If the minimum wage is a pseudo-union, it’s the shittiest union on earth. It doesn’t listen to its members, doesn’t negotiate with management, and never changes its demands in response to circumstances or local conditions.
Sure, we can layer complexity on top by allowing states to lower the minimum down to $12 or something, but this only goes so far. The pseudo-union doesn’t have anything to say about working conditions, scheduling, due process before firing, vacation days, or anything else.
Yes, we can pass federal laws to address these things as well, but how many worker-friendly bills do you expect to get through budget reconciliation while Democrats control both houses and the presidency and don’t lose Joe Manchin’s vote? Fair enough, you say, but unions don’t always act in the best interest of all workers—are they really any better?
I don’t know enough about unionization to have a strong opinion here, but I do know something that is in the interest of all workers: money! Don’t want to strengthen worker bargaining power directly? Fine with me, let’s give everyone $10,000 a year, or couple a steep negative income tax with unemployment insurance, or whatever floats your boat.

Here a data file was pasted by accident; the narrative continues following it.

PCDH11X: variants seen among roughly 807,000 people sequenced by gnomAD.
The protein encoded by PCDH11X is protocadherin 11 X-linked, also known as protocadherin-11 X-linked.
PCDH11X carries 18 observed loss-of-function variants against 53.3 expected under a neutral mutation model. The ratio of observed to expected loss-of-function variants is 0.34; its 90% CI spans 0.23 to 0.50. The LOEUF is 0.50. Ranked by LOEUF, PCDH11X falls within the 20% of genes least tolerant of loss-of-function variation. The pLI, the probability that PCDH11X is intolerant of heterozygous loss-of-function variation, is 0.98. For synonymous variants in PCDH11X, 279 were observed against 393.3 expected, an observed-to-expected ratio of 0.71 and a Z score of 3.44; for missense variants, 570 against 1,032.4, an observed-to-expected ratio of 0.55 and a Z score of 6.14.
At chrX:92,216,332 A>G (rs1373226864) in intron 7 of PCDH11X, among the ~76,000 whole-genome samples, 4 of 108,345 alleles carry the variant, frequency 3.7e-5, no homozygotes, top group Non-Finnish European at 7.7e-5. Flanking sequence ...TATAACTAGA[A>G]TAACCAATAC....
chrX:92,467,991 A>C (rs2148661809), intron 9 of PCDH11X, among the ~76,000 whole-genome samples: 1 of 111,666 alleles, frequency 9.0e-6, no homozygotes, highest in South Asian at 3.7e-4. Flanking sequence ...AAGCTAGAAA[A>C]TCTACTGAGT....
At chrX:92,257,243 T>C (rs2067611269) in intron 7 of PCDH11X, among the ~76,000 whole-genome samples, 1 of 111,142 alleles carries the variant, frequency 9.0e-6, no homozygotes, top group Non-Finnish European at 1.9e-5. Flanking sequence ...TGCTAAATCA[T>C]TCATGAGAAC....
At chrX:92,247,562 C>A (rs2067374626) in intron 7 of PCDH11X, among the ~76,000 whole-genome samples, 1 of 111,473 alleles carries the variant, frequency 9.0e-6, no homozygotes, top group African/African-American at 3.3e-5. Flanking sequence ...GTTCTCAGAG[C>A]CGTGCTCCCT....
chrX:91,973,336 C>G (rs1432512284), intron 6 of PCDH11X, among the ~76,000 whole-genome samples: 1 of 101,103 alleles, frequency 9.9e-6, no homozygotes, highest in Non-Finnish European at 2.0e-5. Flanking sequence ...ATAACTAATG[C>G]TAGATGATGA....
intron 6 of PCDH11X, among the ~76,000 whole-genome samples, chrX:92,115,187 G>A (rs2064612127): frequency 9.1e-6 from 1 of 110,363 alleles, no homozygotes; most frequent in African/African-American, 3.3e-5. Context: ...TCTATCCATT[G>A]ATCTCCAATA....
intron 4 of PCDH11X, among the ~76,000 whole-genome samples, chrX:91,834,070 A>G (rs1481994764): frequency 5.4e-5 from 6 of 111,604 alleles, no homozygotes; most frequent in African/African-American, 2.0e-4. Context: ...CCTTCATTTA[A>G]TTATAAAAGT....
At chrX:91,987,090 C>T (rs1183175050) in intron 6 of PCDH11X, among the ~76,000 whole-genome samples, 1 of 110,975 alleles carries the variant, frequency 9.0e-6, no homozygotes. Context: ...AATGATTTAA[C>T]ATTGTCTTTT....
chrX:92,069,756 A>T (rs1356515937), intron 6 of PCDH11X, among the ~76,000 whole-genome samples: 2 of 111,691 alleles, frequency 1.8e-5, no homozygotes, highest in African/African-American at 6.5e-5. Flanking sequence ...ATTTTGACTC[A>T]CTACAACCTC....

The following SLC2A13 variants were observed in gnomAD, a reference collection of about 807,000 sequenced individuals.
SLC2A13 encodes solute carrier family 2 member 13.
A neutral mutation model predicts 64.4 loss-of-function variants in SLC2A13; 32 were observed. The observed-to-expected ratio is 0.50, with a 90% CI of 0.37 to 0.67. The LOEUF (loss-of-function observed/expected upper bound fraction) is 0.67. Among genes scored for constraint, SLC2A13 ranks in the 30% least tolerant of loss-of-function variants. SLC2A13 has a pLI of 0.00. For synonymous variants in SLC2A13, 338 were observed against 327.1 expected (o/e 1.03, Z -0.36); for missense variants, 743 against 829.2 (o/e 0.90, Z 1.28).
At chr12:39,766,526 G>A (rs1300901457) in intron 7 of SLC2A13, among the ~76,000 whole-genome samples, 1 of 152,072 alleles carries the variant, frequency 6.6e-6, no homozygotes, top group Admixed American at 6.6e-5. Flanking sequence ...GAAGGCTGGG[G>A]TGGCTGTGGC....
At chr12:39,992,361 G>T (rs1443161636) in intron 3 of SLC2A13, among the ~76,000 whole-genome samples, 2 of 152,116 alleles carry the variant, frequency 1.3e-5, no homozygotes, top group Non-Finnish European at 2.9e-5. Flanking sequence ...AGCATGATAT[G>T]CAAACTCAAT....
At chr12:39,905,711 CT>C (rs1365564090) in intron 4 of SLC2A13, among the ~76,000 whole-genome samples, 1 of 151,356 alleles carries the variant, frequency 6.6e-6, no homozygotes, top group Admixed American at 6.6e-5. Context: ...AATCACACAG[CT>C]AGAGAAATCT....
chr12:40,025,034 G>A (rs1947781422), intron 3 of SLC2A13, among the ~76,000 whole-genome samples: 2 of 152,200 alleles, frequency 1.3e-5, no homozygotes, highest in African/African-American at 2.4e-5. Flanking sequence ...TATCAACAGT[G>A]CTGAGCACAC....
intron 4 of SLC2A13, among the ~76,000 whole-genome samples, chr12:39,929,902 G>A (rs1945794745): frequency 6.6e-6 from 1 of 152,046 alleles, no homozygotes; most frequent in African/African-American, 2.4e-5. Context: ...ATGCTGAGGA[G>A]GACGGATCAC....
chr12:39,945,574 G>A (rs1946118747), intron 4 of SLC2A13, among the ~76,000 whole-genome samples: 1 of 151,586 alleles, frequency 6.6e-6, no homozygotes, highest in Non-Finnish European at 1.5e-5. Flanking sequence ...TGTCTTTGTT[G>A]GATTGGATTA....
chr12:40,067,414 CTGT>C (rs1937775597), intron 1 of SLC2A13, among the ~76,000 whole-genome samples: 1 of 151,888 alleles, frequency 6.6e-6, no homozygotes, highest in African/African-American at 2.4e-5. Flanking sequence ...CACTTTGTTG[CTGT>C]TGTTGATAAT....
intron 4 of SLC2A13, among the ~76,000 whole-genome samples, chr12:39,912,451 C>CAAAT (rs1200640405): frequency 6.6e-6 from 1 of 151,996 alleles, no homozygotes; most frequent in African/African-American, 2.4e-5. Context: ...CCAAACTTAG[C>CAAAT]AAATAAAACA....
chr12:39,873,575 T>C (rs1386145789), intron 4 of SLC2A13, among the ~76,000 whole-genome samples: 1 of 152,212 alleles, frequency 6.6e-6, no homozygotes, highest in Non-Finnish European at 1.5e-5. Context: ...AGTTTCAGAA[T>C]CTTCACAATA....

Joe the mechanic can use his cash to work fewer weeks annually, Amy the line chef can use hers to get a Bachelor’s degree, and Tony the receptionist can use his to pay for the childcare his employer doesn’t provide.
Oh yeah, and we don’t have to worry whether giving people cash is going to accidentally harm them, perhaps by pricing them out of the labor market. Which gets me to my next point…
Yes, at some point the minimum wage becomes bad.
You’ve probably heard some politician or online commenter or talk radio host say something along the lines of “$15 an hour?! Last week, it was $12! Why not make it $20, or $50, or $100 an hour then?” In general, this critique seems to come in bad faith, but just like the libertarian meme up top, it carries a grain of truth.